“Would it worry you if you were?” A dry response.
“I thought you might have a secret ritual you were about to do or something.”
“Like dance na**d around the fire?” Inés raised an eyebrow. “I bet.”
Dimple flashing, Sam leaned his back against the log, one arm hooked companionably over Adria’s knee. “Fine, I’m staying until someone kicks me out.”
Now that he’d pointed it out, Adria realized Sam was the only soldier of lower rank here. And since Inés had specifically invited him … Hmm. She glanced at the other woman in silent question. Inés winked. Adria bit back a smile, the contentment inside her nothing she’d expected to feel after that brutal encounter with Riaz.
Her hand tightened on the coffee cup, her skin tingling from the heat. No, she said silently when her mind tried to claw her back to a carnal madness that had come perilously close to stripping her of her self-respect. Taking a deep breath, she narrowed her attention to the gentle warmth inside of her, and to the people responsible for her emotional equilibrium.
These were her peers, the packmates she’d be working most closely with over the coming months and years, and though they were relative strangers yet, she liked their energy as a group. Temperate and stable for the most part, senior soldiers were the workhorses of the pack, people you could count on to get a task done.
Inés, she thought, had the potential to become a close friend—the fleet-of-foot woman had a snarky sense of humor that made Adria’s own wolf chuckle.
Right on the heels of that thought, Inés said, “Me and Simran”—she nodded at where the more reticent soldier sat talking to Brody about something—“have a bad movie night once a month. You should come.”
Her wolf stretched out, back bowed. “Thanks.”
“Am I invited to this movie night,” Sam interrupted to say, “or were you planning to ignore me sitting right here?”
“The ignore one,” Inés answered, quick as a shot.
“My heart is broken.”
“I bleed for you.”
“It wasn’t my best effort.”
Elias stood and clapped his hands, cutting off the pithy dialogue. Once he had everyone’s attention, he said, “It’s time for the secret ceremony,” with a straight face.
SAM SNICKERED … AND sobered when he realized everyone was staring at him, not a giggle to be heard. “Um, sorry.”
Adria was trying so hard not to burst out laughing, she had to fake a coughing fit. Several people seemed to have been struck with the same affliction—though Inés managed to keep it together, slapping Adria helpfully on the back. “Must be the pollen in the air,” she murmured in faux concern.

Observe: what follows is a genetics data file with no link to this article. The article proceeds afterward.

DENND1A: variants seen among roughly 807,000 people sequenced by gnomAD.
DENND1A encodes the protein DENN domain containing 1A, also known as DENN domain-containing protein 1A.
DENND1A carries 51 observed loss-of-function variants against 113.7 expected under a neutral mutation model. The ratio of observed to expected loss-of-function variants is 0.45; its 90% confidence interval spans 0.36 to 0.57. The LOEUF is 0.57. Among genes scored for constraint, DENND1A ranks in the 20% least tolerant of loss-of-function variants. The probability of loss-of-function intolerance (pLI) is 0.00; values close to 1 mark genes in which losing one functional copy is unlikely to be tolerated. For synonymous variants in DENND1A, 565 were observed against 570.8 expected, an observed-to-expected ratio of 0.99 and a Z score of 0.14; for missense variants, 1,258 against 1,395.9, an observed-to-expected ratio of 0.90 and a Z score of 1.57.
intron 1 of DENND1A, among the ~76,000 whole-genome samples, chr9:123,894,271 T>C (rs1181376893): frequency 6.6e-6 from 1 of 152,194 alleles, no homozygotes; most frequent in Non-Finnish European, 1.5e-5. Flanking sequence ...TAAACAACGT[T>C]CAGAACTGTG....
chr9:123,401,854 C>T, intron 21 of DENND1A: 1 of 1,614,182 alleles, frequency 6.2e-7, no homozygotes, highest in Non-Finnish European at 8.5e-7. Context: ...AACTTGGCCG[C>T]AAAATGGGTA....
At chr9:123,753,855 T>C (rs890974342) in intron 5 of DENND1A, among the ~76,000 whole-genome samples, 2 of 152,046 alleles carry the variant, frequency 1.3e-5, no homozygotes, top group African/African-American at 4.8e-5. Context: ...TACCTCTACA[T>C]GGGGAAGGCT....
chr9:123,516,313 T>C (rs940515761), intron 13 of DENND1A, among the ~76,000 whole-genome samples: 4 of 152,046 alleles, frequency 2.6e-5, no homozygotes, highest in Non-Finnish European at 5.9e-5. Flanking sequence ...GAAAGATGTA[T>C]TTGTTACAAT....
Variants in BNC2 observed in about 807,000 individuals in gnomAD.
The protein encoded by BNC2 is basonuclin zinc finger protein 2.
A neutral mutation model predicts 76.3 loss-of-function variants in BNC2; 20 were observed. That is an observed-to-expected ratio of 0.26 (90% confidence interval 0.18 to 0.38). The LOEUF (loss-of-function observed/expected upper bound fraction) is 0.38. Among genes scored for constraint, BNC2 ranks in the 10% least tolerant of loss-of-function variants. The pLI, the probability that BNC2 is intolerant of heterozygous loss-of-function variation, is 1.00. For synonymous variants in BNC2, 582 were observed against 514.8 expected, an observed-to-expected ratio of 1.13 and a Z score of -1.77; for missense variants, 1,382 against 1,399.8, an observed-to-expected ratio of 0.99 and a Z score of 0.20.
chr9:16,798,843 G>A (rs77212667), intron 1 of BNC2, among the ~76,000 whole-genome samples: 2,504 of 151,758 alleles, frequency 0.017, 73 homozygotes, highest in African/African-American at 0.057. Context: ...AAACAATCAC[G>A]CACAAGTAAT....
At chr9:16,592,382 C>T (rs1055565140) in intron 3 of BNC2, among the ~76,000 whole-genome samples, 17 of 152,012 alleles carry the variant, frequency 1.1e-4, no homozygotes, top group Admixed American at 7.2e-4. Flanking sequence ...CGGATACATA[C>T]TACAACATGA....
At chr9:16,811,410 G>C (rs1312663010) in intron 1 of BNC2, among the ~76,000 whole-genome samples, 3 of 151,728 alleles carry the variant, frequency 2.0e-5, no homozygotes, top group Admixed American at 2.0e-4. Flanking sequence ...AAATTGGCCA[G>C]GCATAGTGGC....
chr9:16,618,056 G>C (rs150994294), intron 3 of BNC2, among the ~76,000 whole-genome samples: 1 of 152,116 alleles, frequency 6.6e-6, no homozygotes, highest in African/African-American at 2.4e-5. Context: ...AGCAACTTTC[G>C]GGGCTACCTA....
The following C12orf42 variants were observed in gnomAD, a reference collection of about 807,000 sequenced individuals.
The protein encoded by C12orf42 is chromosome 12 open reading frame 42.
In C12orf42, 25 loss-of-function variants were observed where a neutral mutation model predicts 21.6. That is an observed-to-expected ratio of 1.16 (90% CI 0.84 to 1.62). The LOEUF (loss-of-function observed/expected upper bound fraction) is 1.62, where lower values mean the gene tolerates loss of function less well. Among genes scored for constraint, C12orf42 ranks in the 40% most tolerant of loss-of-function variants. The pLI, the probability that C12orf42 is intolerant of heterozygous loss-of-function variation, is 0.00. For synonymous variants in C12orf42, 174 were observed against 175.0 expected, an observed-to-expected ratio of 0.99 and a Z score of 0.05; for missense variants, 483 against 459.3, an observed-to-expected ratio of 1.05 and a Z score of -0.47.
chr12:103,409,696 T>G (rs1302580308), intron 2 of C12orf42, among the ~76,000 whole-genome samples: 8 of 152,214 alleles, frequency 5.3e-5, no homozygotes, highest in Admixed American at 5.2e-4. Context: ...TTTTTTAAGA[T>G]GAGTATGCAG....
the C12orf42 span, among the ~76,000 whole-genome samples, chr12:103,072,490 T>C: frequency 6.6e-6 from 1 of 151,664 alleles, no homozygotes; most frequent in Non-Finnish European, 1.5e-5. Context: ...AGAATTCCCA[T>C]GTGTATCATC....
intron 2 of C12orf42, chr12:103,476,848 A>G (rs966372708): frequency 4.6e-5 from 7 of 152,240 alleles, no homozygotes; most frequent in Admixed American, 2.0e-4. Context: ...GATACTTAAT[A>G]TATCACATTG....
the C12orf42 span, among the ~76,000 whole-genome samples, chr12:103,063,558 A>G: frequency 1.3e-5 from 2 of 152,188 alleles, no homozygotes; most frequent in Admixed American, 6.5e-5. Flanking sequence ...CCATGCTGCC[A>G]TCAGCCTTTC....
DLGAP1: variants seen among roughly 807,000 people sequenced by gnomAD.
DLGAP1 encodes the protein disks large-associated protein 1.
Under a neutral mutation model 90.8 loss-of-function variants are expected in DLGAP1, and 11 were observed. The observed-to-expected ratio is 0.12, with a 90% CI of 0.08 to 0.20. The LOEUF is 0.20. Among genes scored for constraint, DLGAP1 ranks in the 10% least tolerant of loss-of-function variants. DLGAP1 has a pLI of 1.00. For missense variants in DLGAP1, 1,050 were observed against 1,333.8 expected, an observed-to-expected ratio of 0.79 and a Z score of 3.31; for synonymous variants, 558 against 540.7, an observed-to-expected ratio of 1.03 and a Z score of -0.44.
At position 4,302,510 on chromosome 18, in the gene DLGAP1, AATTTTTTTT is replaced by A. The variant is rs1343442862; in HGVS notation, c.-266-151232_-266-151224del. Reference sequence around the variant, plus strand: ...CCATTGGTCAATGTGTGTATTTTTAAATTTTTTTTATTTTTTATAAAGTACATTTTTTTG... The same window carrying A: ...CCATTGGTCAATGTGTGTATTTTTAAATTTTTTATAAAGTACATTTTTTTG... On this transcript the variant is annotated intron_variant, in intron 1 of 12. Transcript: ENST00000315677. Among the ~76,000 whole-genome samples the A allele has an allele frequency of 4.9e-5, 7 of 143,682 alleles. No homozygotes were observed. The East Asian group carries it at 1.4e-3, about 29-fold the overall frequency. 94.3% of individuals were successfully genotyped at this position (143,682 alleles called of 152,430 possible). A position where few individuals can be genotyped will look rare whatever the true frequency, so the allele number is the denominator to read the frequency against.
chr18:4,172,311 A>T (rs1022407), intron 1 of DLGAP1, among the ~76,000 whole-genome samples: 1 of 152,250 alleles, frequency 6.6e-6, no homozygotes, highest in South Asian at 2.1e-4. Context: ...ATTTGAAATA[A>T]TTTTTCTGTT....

Adria would’ve kicked the other woman if Sam hadn’t been sitting in front of her.
“As I was saying,” Elias continued, a rare strand of silver glinting in the rich brown of his hair, “it’s time for the ceremony. But since we appear to have an intruder, we’ll have to deal with him first.”
Sam rose to his feet, dusting off his jeans. “Look, hey, I can book if you guys—”
Elias raised a hand for silence, moving to stand in front of Sam.
“Sam Baker,” he said, his face solemn, “according to those witnesses who weren’t unconscious at the time, you ran onto the field of battle time and time again to rescue injured packmates, though you’d been hit with a bullet yourself.”
“It was what any one of us would’ve done.” Sam’s words were quiet, the playful soldier replaced by the courageous man who’d fought with all his heart, even when surrounded by blood and agony and an enemy devoid of mercy.
“Yes,” Elias said, reaching out to pin something on Sam’s stone gray shirt, “and we’re proud to call you one of our own.”
Adria saw the instant it hit Sam. His fingers trembled as he touched the regal form of the small silver wolf on his shirt collar. None of the senior soldiers wore the pins in daily life, but each one did so tonight—her top too light to hold it, Adria had attached hers to a thin silver bracelet on her left wrist. That tiny badge was a source of enormous pride, not being simply an indication of promotion from soldier to senior, but of acceptance within the rank.
Slapping a still-stunned Sam on the back, Elias raised his glass, “To Sam!”
“To Sam!” Adria cried with the rest of the group, and right then, she knew she’d make it. Maybe her unhealthy and untenable attraction to Riaz showed no signs of abating, the clawing need tearing at her gut, but she was more than the primal urges of her body. She was part of this strong, loyal group, a woman who had built a new life, new friendships from the cold ashes of the old.
No man was ever again going to drive her to question her own worth.
Her wolf’s body thrummed with defiant, determined pride. And when the newest senior soldier in the den threw back his head and celebrated with wild abandon, she lent her voice to his song alongside those of her packmates.
THE bristles on Hawke’s jaw caught on Sienna’s hair. She’d watched him shave before the ceremony, but it was now on the edge of dawn and they were finally in bed, his arm holding her to his chest. Enjoying the intimacy of talking with him as much as she’d enjoyed dancing in his arms until the sky shimmered with the first pearly kiss of morning, she glanced up when he shifted to fold one of his arms behind his head.
Eyes of wolf blue met her own. “Your friends snuck off to do some mischief.” An alpha’s amusement. “I expected you to join them since you’re the head troublemaker.”